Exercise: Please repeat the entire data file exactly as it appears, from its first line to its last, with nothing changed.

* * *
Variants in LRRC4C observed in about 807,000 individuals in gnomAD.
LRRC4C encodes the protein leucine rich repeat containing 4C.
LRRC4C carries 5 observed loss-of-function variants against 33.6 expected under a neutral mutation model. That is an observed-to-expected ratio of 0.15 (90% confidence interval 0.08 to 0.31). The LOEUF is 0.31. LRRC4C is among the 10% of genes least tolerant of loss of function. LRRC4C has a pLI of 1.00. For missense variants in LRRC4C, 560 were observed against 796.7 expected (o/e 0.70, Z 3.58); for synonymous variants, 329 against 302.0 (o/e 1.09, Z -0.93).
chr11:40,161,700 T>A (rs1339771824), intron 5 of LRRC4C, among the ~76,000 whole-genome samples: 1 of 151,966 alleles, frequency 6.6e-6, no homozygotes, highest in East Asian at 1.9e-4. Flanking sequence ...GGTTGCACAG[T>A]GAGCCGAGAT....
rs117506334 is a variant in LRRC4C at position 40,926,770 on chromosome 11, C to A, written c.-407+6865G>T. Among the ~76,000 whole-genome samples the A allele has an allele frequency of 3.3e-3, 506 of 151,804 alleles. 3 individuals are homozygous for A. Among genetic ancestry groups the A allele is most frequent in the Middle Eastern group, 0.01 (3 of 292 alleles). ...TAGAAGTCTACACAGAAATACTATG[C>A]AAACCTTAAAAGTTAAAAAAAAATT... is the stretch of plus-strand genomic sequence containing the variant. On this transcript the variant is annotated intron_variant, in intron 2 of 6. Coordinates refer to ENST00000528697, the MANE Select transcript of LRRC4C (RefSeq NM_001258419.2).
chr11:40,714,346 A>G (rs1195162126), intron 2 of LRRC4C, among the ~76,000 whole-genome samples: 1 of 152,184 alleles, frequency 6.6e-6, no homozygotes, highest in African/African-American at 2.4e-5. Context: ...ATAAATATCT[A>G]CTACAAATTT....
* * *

Variants in LRRC4C observed in about 807,000 individuals in gnomAD.
LRRC4C encodes the protein leucine rich repeat containing 4C.
LRRC4C carries 5 observed loss-of-function variants against 33.6 expected under a neutral mutation model. That is an observed-to-expected ratio of 0.15 (90% confidence interval 0.08 to 0.31). The LOEUF is 0.31. LRRC4C is among the 10% of genes least tolerant of loss of function. LRRC4C has a pLI of 1.00. For missense variants in LRRC4C, 560 were observed against 796.7 expected (o/e 0.70, Z 3.58); for synonymous variants, 329 against 302.0 (o/e 1.09, Z -0.93).
chr11:40,161,700 T>A (rs1339771824), intron 5 of LRRC4C, among the ~76,000 whole-genome samples: 1 of 151,966 alleles, frequency 6.6e-6, no homozygotes, highest in East Asian at 1.9e-4. Flanking sequence ...GGTTGCACAG[T>A]GAGCCGAGAT....
rs117506334 is a variant in LRRC4C at position 40,926,770 on chromosome 11, C to A, written c.-407+6865G>T. Among the ~76,000 whole-genome samples the A allele has an allele frequency of 3.3e-3, 506 of 151,804 alleles. 3 individuals are homozygous for A. Among genetic ancestry groups the A allele is most frequent in the Middle Eastern group, 0.01 (3 of 292 alleles). ...TAGAAGTCTACACAGAAATACTATG[C>A]AAACCTTAAAAGTTAAAAAAAAATT... is the stretch of plus-strand genomic sequence containing the variant. On this transcript the variant is annotated intron_variant, in intron 2 of 6. Coordinates refer to ENST00000528697, the MANE Select transcript of LRRC4C (RefSeq NM_001258419.2).
chr11:40,714,346 A>G (rs1195162126), intron 2 of LRRC4C, among the ~76,000 whole-genome samples: 1 of 152,184 alleles, frequency 6.6e-6, no homozygotes, highest in African/African-American at 2.4e-5. Context: ...ATAAATATCT[A>G]CTACAAATTT....